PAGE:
32. Reverse Block Can occur on ascent. More common when the diver is congested Fullness, pressure, or pain in the sinuses and/or ears during ascent are symptoms of a reverse block Swallowing, and wiggling the jaw are acceptable ways to try and clear a reverse block in the ears Inhaling gently against your fingers as you pinch your nose may help clear a reverse block of the sinuses or ears, but you should NOT Valsalva on ascent Inhaling through the mouth and exhaling through the nose while remaining stationary or descending slightly in the water column may also help to clear a reverse block

33. Reverse Block Severe reverse block cases can produce bleeding or ruptures of the eardrum or sinus and require medical attention At some point you may be forced to ascend with a reverse block Decongestants and nasal sprays may help open the blocked passages and return trapped pressure to normal Preventing reverse blocks and squeezes by not diving when congested.

34. Stomach and Intestine Gas overexpansion injuries of the stomach or intestines are rare Belching or heartburn can be experienced Prevention breath normally don?t swallow air avoid large meals and gas-producing food and drink before diving GI disorders and diving (IBS, Crohn?s, diverticulitis) Should GI distress occur on ascent, descend to relieve discomfort, and slowly re-ascend If surfacing is necessary before relieving pressure, over-the-counter anti-gas preparations may be helpful

35. Teeth Tooth squeeze is not common, but prevention is worth keeping in mind Keep teeth clean, have cavities filled and ill-fitting crowns replaced Before undergoing dental work, inform the dentist that you are a diver

36. Eye/ Mask Squeeze Non-compressible fluids in the eyes protect them from increasing water pressure, but without equalization, negative pressure in the mask creates suction that can cause swelling, bruising and bleeding This condition, commonly called ?eye squeeze? is easily avoided by exhaling into your mask through your nose during decent Treatment includes applying ice packs to the damaged tissues and administering pain relievers For serious cases, seek the services of a physician

37. Contact Lenses Bubbles have been found in the film of tears beneath contact lenses after ascent Affected divers experienced soreness, decreased visual acuity, and the appearance of halos around lights for about two hours after ascent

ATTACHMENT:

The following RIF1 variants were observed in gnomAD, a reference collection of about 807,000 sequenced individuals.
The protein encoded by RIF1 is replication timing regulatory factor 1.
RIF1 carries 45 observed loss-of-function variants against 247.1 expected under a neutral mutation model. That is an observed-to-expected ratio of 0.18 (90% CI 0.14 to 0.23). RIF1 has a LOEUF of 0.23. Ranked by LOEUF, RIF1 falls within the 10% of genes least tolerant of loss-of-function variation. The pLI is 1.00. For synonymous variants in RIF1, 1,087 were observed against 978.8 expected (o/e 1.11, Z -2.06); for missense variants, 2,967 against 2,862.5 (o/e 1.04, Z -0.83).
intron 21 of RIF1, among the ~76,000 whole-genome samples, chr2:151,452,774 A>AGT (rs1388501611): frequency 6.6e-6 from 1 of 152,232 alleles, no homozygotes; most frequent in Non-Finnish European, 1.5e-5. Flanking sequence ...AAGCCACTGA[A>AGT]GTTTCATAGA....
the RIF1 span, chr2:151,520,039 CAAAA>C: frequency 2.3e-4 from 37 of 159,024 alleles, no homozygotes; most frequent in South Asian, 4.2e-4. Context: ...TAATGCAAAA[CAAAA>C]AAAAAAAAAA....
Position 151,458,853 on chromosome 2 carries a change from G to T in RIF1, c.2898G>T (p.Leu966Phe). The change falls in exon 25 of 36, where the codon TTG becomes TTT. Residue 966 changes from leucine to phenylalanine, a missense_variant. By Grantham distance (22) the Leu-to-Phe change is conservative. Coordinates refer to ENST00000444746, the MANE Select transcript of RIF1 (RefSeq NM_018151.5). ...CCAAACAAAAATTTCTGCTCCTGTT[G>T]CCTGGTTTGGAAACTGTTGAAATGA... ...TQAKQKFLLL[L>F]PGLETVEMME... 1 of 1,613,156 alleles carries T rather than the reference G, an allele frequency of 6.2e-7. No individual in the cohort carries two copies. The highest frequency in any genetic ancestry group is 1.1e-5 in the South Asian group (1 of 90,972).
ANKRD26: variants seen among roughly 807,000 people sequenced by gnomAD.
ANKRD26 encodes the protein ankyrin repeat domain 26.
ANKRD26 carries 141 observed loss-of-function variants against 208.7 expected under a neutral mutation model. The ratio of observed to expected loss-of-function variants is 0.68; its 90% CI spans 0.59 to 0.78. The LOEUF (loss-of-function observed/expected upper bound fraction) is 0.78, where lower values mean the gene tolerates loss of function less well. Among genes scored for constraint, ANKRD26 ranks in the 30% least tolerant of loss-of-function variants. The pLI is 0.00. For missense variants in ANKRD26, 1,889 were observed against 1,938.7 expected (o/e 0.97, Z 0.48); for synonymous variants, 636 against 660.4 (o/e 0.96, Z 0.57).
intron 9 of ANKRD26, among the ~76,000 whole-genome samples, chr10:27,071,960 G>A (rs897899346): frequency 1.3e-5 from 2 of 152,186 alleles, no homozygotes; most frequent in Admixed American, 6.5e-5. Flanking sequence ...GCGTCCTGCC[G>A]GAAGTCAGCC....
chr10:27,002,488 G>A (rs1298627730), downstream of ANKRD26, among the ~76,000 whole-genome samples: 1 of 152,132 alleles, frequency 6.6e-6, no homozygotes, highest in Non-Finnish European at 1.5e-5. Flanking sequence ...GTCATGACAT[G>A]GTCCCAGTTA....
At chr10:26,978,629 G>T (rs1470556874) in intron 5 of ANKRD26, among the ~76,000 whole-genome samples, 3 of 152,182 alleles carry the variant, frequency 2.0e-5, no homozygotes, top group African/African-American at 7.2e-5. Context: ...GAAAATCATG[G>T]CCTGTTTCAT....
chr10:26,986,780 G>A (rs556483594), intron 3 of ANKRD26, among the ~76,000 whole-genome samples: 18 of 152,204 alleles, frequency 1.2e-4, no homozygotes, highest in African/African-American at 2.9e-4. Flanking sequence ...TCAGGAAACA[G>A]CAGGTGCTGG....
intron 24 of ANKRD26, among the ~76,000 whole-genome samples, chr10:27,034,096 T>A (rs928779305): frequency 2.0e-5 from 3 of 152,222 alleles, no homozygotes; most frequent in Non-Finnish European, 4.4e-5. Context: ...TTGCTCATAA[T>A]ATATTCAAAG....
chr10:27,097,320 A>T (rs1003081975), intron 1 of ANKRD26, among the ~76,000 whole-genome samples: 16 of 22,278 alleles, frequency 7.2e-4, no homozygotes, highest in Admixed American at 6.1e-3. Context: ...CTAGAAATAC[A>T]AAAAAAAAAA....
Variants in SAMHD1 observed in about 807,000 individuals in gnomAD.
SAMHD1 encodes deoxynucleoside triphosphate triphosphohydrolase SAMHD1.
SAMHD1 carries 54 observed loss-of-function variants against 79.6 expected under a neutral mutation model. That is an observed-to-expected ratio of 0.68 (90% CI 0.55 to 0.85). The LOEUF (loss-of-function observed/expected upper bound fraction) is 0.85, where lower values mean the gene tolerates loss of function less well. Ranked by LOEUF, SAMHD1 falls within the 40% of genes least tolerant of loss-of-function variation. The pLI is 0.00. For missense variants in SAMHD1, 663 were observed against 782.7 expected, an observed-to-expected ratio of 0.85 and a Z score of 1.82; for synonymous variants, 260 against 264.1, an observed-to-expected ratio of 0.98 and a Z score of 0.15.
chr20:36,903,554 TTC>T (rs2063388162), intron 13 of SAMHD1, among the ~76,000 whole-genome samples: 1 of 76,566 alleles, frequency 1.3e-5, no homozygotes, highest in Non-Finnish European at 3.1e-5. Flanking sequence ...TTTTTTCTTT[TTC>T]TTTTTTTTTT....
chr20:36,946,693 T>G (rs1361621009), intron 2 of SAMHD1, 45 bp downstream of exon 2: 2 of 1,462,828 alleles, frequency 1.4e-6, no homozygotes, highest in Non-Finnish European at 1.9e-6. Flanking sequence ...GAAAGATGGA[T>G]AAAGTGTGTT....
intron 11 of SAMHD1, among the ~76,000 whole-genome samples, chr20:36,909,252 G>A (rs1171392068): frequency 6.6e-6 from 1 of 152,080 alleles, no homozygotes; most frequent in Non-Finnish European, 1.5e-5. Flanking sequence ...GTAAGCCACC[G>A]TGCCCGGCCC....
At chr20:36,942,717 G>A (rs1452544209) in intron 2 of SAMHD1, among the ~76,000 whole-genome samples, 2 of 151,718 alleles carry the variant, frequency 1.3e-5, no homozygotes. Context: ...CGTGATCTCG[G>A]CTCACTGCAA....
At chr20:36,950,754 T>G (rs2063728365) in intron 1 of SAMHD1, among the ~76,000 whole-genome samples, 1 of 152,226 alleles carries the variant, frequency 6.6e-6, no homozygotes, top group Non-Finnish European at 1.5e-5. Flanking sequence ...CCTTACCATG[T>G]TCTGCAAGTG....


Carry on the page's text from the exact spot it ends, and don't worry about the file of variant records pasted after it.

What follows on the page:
38. Lung Overexpansion Injuries

39. Pneumothorax Signs and Symptoms Difficulty or rapid breathing Leaning toward the affected side Hypotension Cyanosis and shock Chest pain (deep breathing hurts) Shortness of breath Decreased or absent lung sounds on affected side Rapid, shallow breathing

41. Mediastinal Emphysema Signs and Symptoms Pain/pressure under the sternum that may radiate to the neck, collarbone, or shoulder Shortness of breath Cyanosis of the skin, lips, or nailbeds Swelling around the neck Deviated trachea A brassy quality to the voice A sensation of pressure on the windpipe Cough

42. Subcutaneous Emphysema Gas forced into tissues beneath the skin of the neck Signs and Symptoms: Feeling of fullness in the neck area Swelling or inflation around the neck and upper chest Crackling sensation when skin is palpated Change in sound of voice Cough

43. Arterial Gas Embolism Occurs when a bubble of gas causes a blockage of blood supply to the heart, brain, or other vital tissue Symptoms usually occur on ascent or within 1-5 minutes of surfacing AGE is LIFE THREATENING, and REQUIRES IMMEDIATE TREATMENT

44. Arterial Gas Embolism Chest pain Cough or shortness of breath Bloody, frothy sputum Headache Visual disturbances including blindness (partial or complete) Numbness or tingling Weakness or paralysis Loss of, or change in, sensation over part of body Dizziness Confusion Sudden unconsciousness Respiratory arrest Death

45. Lung Overexpansion Injury Risk Factors

46. Thermal Stress

47. Effects of Cold Chilling, even if not life threatening, increases fatigue and reduces dexterity making it difficult to do useful work and impacts on diver safety Susceptibility to chilling increases with dehydration, fatigue, hunger, and illness Being out of shape, underweight, a smoker, or using drugs or alcohol also increase susceptibility to chilling

49. Effects of Cold A diver experiencing any of the following should terminate a dive and begin re-warming: Loss of dexterity and grip strength Difficulty performing routine tasks, confusion, or repeating tasks or procedures Intermittent shivering, even though routine tasks can still be performed Behavioral changes in a buddy that may indicate existing or approaching hypothermia